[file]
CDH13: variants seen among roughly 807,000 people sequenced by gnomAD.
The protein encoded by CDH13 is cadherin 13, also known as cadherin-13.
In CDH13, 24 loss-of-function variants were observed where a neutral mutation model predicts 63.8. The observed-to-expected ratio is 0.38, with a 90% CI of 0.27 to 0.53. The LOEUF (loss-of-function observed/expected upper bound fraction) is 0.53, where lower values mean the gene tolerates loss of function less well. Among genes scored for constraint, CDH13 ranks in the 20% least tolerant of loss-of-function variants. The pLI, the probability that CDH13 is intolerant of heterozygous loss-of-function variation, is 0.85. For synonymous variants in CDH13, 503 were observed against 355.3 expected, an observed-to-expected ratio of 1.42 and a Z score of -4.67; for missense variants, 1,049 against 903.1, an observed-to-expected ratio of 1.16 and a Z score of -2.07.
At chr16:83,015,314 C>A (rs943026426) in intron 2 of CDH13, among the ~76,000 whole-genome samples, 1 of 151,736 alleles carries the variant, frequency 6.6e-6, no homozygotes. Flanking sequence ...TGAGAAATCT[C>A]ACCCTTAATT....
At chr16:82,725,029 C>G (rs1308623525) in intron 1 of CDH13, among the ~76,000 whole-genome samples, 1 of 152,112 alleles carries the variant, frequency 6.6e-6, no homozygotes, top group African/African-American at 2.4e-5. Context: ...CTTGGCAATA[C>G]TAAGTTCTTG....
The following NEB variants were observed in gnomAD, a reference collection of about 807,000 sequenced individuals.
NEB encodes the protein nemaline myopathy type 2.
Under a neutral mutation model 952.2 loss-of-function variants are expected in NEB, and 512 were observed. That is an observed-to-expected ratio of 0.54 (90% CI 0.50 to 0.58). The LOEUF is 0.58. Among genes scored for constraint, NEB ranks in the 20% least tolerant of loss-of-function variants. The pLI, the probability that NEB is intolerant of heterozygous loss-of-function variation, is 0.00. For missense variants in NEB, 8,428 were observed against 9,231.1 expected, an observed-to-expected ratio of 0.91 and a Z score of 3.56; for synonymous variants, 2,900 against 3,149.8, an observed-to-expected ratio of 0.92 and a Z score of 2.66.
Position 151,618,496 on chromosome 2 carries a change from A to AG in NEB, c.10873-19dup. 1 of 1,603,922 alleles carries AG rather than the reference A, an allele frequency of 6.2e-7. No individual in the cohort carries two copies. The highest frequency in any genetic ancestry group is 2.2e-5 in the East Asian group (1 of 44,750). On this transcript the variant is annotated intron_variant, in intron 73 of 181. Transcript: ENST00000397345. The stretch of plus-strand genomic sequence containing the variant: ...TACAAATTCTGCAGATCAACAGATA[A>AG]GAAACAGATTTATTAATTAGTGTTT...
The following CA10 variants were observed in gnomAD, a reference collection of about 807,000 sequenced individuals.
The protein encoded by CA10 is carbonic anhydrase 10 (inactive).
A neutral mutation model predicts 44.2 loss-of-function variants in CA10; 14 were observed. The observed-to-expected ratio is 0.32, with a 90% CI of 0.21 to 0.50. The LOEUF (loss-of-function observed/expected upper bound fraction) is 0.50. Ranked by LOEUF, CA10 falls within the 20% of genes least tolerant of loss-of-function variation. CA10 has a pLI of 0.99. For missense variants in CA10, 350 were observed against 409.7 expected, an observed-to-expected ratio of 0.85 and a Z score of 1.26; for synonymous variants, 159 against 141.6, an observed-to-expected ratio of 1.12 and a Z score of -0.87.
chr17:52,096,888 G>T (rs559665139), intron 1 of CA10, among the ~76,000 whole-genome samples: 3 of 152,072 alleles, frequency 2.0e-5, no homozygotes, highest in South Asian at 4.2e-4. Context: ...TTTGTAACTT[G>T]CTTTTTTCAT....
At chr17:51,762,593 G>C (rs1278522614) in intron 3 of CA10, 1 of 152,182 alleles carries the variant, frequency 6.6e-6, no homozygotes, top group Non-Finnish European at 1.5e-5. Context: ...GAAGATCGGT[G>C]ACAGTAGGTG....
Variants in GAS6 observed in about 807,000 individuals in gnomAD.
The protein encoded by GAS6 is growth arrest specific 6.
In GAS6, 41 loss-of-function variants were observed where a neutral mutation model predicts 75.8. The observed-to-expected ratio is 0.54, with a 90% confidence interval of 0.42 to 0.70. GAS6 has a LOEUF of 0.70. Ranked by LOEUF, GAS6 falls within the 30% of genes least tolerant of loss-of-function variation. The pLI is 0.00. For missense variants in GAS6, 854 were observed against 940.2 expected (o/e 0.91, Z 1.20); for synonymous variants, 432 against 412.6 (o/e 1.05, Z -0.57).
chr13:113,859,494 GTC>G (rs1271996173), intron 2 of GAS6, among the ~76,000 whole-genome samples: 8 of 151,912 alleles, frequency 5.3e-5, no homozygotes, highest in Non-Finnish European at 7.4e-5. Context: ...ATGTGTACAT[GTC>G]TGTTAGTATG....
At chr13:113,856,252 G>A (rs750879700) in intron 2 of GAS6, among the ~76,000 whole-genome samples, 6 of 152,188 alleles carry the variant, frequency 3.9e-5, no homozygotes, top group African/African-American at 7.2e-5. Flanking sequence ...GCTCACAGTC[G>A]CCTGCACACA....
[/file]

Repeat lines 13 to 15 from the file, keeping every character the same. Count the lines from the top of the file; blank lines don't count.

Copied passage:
chr17:52,096,888 G>T (rs559665139), intron 1 of CA10, among the ~76,000 whole-genome samples: 3 of 152,072 alleles, frequency 2.0e-5, no homozygotes, highest in South Asian at 4.2e-4. Context: ...TTTGTAACTT[G>T]CTTTTTTCAT....
At chr17:51,762,593 G>C (rs1278522614) in intron 3 of CA10, 1 of 152,182 alleles carries the variant, frequency 6.6e-6, no homozygotes, top group Non-Finnish European at 1.5e-5. Context: ...GAAGATCGGT[G>C]ACAGTAGGTG....
Variants in GAS6 observed in about 807,000 individuals in gnomAD.